Berlin Review: Céline Sciamma’s ‘Petite Maman’ Is Arrestingly Original And Alive

Todd McCarthy
·4 min read

The two most mature and emotionally insightful seven-year-old girls you’ve ever encountered in your life are the subjects of Petite Maman. Magnetically attentive to the serious “things of life,” as the French put it, Céline Sciamma’s 72-minute study of an intense brief friendship between two girls of extraordinary similar looks prioritizes insight and emotional awareness over any artificial plot constructs. The result is a piercingly satisfying chamber drama with a lovely intimate feel.

After her great international success two years ago with Portrait Of A Lady On Fire, Sciamma was in a position to do anything she pleased, and the new film is arresting and unusual in nearly every way. The two girls in question seem half-curious kids/half-mature adults, so intently do they address matters that count in the very little time they know they’ll have together.

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Both girls’ families are in stressful straits. The grandmother of Nelly (Josephine Sanz) has just died and the youngster has come with her parents (Stephane Varapenne and Nina Meurisse) to clear out the old woman’s small country home in a forest.

The family’s somber mood is acutely in tune with the autumn leaves that are falling all around them, so Nelly is fortunate to encounter another eight-year-old, Marion, who’s trying to build a little treehouse. Neither has any siblings. It’s unremarked upon, but the resemblance between the two girls is so uncanny that it’s difficult to tell them apart. You have wait for the end credits to learn that the roles are played by sisters, Josephine and Gabrielle Sanz.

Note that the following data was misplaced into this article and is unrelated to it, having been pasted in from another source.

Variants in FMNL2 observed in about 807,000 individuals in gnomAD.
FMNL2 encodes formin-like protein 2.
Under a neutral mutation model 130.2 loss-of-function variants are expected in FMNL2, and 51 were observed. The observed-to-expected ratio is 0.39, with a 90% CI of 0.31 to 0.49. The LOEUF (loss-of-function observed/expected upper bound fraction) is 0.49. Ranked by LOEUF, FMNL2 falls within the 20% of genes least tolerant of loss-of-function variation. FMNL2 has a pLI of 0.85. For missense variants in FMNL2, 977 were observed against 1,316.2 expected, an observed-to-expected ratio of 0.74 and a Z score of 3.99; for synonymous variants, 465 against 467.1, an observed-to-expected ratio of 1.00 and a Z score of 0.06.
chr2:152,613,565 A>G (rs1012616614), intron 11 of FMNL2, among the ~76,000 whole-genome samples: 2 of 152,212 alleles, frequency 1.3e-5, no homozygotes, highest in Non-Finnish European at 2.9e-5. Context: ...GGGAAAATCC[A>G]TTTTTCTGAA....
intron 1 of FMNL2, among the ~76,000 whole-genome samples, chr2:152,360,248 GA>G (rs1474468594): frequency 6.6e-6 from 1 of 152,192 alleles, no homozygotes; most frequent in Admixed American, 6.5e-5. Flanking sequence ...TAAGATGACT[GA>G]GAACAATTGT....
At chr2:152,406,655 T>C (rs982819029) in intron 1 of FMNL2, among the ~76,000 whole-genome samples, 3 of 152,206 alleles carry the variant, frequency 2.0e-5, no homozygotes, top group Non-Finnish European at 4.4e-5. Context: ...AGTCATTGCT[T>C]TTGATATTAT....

The build-up to the girls’ bonding takes nearly a half-hour, or nearly half the movie, so it must be stressed that not much actually happens in Petite Maman — not much, that is, except for the sharing of a critical moment that both girls will undoubtedly remember for the rest of their lives whether they ever meet again or not. It’s a very particular type of experience that Sciamma has pinpointed here, one that seems ordinary on the surface, but one that the filmmaker has managed to turn into a sort of premature Proustian moment that the girls might remember when their own grandchildren bid them farewell.

It’s a rare and keen accomplishment that Sciamma has pulled off here, one you’re not even aware of until after the fact. The girls do play a board game and poke around a bit in the forest, but they’re not interested in fairy tales or frivolous things; for the most part they speak like grown-ups to an almost unrealistic degree and want to address serious adult issues. As Nelly tells her dad, she wants to know “the real stuff.”

The real stuff confronting Marion that she’s having an operation in three days so that she “won’t be lame like my mom.” On a rather less serious issue of physical change, Nelly talks her dad (an amiable Stephane Varapenne) into letting her help shave off his beard, and the result is decidedly for the better; “You’re handsome,” Nelly decides. A great father-daughter moment.

A bit later, she ambiguously says to him, “I’m your daughter. I come from the path behind you,” a haunting phrase that epitomizes the acutely and poetically observant stance from which the two youngsters are observed. There are times when the dialogue seems far too sophisticated and insightful for girls still in single age digits. Nonetheless, Sciamma is swimming in darkish waters that contain curious observations and mysterious truths, so that, even if you’ve never heard youngsters speak quite the way these two do, their thought processes draw you in and put you on alert as to what further sidelong insights might be forthcoming.

When Nelly’s dad finishes up early and is ready to leave, she talks him into staying over one more night because she’s instinctively aware that, “There won’t be another time.” She and Marion then play a game that’s fraught with meaning and seems borderline unrealistic and serious for anyone of that age to conceptualize or propose. But in the moment, one is inclined to go along with the conceit due to how smartly Sciamma has built up to it.

In all events, this is an arrestingly original and alive creation that offers acute observations and unexpected grace notes.

The Sanz sisters are remarkably unselfconscious and naturalistic, even when reciting dialogue that at times seems rather beyond the characters’ age range and powers of psychological insight. But then these are girls who don’t just wanna have fun but who are aware of life’s mysteries and keen to open a door upon them.

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